At Bear Park we strongly believe that the environment, often referred as the “Third Teacher” plays an integral role in our children’s education. We continuously discuss, modify and reflect upon our understandings as we view the environment as a living space, a space for the ongoing education of the community. We aspire to ensure our environments reflect the various cultures & ethnicities that make our centre unique. These spaces reflect shared values and aspirations for all children, teachers, family/whanau and the wider community.
We view our environments as a space that holds an educating community, a space that derives its quality and significance from the people within it. It is a great interweaving of relationships made of objects, furnishings, architecture, soft structures (lights, sounds, atmospheres), but above all how these elements relate with and reflect the people in the space, both children and adults.
Great thought is taken in preparing the layout of the classroom, as is the value placed on relationships, and the interaction of children in small groups. We need to ensure the environment is set up to promote exchange in small groups, and therefore providing possibilities for children to listen to others; ask questions, and create an important culture of dialogue. We also understand the importance of the individual child, and the individual identities that make children unique. We believe planning personal and personalised spaces are equally important. We take great pride in the materials in which we use, and as teachers, we research the possibilities before placing these into the environment.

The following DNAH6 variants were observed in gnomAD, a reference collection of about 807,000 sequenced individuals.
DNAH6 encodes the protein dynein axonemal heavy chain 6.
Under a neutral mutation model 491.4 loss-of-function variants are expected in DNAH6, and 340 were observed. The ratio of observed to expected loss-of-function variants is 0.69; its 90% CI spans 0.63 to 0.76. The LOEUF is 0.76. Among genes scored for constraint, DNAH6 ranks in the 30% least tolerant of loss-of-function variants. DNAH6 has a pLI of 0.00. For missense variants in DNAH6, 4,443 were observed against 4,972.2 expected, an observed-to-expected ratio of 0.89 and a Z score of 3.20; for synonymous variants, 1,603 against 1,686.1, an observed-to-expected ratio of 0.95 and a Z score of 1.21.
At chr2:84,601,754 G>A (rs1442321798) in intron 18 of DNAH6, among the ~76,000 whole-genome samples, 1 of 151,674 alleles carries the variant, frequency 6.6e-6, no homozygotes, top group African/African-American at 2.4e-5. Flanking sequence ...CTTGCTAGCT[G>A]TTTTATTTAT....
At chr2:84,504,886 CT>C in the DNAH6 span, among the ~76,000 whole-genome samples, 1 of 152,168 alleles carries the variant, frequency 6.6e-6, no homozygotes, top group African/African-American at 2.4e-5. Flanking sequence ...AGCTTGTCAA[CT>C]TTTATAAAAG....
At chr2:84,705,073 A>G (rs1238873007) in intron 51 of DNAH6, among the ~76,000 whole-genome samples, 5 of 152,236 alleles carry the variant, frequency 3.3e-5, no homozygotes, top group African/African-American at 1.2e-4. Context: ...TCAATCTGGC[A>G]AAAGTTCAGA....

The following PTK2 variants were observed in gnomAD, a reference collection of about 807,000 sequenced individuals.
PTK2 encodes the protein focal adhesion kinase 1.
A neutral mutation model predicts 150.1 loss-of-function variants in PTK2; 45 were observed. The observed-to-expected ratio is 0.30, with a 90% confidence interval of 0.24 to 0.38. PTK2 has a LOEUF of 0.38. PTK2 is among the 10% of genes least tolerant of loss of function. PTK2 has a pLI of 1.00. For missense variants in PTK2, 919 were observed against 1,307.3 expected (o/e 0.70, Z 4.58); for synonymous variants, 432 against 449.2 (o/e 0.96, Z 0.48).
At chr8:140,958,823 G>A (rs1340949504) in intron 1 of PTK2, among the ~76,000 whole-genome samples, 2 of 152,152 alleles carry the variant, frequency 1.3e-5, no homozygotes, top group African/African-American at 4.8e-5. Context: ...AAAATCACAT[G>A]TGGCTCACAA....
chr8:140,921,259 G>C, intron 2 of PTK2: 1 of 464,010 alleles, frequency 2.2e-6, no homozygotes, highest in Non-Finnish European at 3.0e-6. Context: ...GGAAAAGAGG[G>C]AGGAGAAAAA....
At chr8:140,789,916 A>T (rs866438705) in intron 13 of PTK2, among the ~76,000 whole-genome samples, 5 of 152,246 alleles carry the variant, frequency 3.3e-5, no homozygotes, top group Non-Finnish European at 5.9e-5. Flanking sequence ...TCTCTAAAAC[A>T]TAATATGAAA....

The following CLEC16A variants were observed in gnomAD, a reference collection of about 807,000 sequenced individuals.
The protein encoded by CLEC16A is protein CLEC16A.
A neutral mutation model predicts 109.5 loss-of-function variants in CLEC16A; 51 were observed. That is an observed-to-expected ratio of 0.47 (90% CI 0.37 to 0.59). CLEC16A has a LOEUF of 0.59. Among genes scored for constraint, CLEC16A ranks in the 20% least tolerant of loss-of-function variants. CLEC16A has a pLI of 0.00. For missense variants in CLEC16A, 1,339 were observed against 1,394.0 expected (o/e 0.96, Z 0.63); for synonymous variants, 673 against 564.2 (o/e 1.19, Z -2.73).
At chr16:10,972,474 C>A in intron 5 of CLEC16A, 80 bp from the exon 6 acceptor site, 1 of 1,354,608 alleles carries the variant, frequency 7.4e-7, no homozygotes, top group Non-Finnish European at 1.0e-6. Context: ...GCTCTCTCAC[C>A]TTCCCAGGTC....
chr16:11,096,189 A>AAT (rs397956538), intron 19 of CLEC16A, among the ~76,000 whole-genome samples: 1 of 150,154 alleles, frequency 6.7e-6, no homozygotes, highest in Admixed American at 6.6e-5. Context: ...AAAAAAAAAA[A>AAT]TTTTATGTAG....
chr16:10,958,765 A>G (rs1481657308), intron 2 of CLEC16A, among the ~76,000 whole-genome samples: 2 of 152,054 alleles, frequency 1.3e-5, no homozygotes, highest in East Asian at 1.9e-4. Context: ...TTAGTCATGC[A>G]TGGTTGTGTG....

While aesthetics play a very important role in initially enticing children into an area/space, it is the materials and resources, which provoke thinking; encourage questioning; and fosters dialogue. Bear Park centre environments, value the use of open-ended materials, and limit equipment with predetermined outcomes. We aim instead to provide a wide range of resources, including a strong presence of natural and recycled materials. These types of materials offer enormous possibilities, and encourage the desire to pose questions, provoke investigation, and enhance creative expression.
The learning environment must be amiable, inviting, able to provide orientation, to stimulate, to protect, to encourage research, a space that is able to renew itself, to account for what actually takes place and transform itself according to the stimuli provided by children and adults. Another core aspect is the idea of the environment as a place that holds, testifies to, and documents the memory, the traces of the educational experience. The documentation is a historical and affective memory viewed as a process, as a seed for future development, for moving beyond the past and preparing to embrace the future. It highlights the processes of the experience and ideas, of children living, learning and working alongside others throughout the learning community.
“One way to rediscover our own creative impulses is to see possibilities in materials. Children possess a natural openness to the potential of materials. When adults become aware of this process, they find ways to watch and listen to the children. Children and adults become collaborators as they discover, collect, sort, arrange, experiment, create, construct, and think with materials. The goal is to allow children to become fluent with materials – as if materials were language.”